The only “real” teacher we had was fired in the third quarter for promoting “free thinking”. Although, he was also accused of aiding our whole class for cheating (he actually did but no conclusive evidence was found).
    And how could I ever forget our graduation ceremony that turned out to be a sham.
    A student (who was favored by the school administration) was named valedictorian by mysteriously getting a 0.02% increase in his GPA over our salutatorian.
    Boy it sure was a spectacle when he went up the stage to only receive a “loyalty award”, and an award for good moral character, while our salutatorian received the presidential award among other things.

    Please continue to spread the word about the ridiculous practices done by these schools.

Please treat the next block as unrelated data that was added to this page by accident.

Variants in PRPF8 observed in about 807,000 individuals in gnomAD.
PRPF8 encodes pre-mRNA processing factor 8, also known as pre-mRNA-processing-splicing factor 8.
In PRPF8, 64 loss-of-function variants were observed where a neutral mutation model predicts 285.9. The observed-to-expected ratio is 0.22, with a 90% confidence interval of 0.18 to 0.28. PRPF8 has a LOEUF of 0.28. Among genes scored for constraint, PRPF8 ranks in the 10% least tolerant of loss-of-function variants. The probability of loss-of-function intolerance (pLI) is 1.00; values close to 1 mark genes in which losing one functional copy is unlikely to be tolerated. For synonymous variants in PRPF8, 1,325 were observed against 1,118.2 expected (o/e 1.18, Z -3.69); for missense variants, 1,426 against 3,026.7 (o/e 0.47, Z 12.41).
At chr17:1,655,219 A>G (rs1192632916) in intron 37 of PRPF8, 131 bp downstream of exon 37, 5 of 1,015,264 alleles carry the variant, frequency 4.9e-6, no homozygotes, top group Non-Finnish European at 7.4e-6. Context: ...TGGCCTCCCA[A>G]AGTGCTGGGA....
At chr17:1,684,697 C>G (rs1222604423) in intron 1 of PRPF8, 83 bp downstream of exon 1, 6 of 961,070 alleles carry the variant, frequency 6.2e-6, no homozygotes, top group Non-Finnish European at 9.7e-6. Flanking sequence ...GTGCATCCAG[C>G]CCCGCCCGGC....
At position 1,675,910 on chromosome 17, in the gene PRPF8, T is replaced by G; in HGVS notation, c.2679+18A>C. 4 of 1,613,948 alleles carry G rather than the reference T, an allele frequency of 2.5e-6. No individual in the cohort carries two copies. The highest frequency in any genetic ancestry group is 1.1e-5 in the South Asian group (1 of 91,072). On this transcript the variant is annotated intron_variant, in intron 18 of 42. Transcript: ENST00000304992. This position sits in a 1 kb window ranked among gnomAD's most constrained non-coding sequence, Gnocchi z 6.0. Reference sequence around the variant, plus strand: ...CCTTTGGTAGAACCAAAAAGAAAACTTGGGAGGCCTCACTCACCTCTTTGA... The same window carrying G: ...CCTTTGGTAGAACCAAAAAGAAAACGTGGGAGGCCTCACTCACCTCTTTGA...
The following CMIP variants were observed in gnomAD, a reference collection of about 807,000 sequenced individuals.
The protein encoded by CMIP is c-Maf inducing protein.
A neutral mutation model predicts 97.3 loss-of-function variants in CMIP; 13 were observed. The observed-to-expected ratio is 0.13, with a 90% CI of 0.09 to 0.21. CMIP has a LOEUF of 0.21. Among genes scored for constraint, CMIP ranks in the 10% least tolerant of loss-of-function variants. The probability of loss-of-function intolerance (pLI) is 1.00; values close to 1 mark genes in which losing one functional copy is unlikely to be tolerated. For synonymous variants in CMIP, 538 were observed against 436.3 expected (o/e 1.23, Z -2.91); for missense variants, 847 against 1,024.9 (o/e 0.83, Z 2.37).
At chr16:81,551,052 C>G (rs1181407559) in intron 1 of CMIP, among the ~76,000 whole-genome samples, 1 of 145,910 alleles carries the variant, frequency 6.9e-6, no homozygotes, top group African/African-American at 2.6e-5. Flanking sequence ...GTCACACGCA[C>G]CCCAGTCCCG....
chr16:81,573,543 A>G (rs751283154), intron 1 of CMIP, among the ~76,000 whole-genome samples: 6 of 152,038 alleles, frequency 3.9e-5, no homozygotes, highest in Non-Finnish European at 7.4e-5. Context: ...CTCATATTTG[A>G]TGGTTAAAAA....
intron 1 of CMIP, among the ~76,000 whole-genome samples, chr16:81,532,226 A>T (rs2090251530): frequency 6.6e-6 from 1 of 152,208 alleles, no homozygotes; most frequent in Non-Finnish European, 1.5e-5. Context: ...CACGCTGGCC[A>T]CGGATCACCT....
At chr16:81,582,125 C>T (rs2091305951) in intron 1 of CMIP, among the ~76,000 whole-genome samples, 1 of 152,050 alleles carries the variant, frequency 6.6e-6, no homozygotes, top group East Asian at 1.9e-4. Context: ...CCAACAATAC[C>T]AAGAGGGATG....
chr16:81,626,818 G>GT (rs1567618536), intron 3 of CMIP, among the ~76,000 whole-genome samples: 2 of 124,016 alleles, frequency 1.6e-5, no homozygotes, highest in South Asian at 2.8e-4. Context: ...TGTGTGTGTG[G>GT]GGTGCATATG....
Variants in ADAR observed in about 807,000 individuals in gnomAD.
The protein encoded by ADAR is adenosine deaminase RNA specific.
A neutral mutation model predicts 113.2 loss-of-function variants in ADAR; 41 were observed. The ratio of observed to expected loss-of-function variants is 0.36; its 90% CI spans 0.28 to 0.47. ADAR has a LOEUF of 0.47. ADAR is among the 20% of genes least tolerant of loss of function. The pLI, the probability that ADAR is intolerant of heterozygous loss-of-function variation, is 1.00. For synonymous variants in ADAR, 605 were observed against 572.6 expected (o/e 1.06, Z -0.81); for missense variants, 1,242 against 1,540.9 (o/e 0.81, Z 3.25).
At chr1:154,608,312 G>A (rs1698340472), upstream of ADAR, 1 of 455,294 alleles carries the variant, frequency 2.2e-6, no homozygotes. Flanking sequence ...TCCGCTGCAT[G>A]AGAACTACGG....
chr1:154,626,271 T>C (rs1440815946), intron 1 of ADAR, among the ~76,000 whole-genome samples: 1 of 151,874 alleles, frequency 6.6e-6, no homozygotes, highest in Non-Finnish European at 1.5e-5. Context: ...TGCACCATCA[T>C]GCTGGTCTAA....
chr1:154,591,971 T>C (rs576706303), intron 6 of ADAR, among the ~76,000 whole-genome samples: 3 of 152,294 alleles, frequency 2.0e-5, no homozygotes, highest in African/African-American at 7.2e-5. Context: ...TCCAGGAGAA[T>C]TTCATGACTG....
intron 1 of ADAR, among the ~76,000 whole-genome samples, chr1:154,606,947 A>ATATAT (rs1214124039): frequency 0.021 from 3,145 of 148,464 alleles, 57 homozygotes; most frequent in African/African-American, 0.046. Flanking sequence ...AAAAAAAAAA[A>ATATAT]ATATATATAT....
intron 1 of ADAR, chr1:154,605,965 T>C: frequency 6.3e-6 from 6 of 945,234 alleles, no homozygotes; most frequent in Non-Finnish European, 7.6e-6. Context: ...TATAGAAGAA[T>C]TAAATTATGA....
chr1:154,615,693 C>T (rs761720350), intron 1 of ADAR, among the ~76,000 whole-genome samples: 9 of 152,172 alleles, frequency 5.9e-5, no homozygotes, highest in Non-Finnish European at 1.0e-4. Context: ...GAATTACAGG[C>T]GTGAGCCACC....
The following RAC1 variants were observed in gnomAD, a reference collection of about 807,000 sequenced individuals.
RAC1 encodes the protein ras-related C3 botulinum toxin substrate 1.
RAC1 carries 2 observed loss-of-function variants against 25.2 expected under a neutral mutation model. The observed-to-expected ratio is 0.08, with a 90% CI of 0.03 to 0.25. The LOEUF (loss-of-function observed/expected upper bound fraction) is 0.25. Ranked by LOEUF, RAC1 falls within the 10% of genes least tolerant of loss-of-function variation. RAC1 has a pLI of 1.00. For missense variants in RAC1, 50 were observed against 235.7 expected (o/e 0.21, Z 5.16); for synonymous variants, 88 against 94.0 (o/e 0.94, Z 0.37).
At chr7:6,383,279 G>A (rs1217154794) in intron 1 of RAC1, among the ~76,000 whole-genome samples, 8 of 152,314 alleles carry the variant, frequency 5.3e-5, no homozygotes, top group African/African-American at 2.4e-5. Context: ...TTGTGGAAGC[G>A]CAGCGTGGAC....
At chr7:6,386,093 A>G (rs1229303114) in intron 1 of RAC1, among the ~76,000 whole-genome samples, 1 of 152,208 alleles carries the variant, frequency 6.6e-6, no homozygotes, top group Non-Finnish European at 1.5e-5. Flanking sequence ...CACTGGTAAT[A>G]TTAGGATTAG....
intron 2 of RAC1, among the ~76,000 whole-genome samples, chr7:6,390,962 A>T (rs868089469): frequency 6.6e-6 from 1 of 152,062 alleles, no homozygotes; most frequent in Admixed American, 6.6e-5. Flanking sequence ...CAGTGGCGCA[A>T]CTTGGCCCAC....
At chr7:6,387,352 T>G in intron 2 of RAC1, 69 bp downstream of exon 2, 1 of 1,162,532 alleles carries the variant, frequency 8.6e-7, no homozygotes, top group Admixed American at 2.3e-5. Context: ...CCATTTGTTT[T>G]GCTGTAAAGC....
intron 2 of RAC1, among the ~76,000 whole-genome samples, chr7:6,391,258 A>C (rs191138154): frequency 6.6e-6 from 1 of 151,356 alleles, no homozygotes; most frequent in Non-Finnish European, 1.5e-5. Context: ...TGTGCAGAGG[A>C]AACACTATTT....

People need to know how outrageous the religious private school system really is.

  69. Jenn Rojas says:

    Em!!!! Fantastic. Loved every word!!! MORE PLEASE!!!! It totally cracked me up and the funny part it, it’s all so true!!!!

  70. Sha says:

    This is so true that’s why its so funny. For those who will be offended, suck it! It really happened and there’s no denying it.
    Another experience with the school which actually happened a few years AFTER we’ve graduated was: they started telling people not to post pictures of ourselves in bathing suits. I wonder what we were supposed to wear on a beach? Our gala uniform? LOL
    And don’t even get me started on my experience on my son’s admittance interview for a Paref school. The questions and arguments were so bad we decided not to push through with the enrollment even after we’ve paid for the reservation.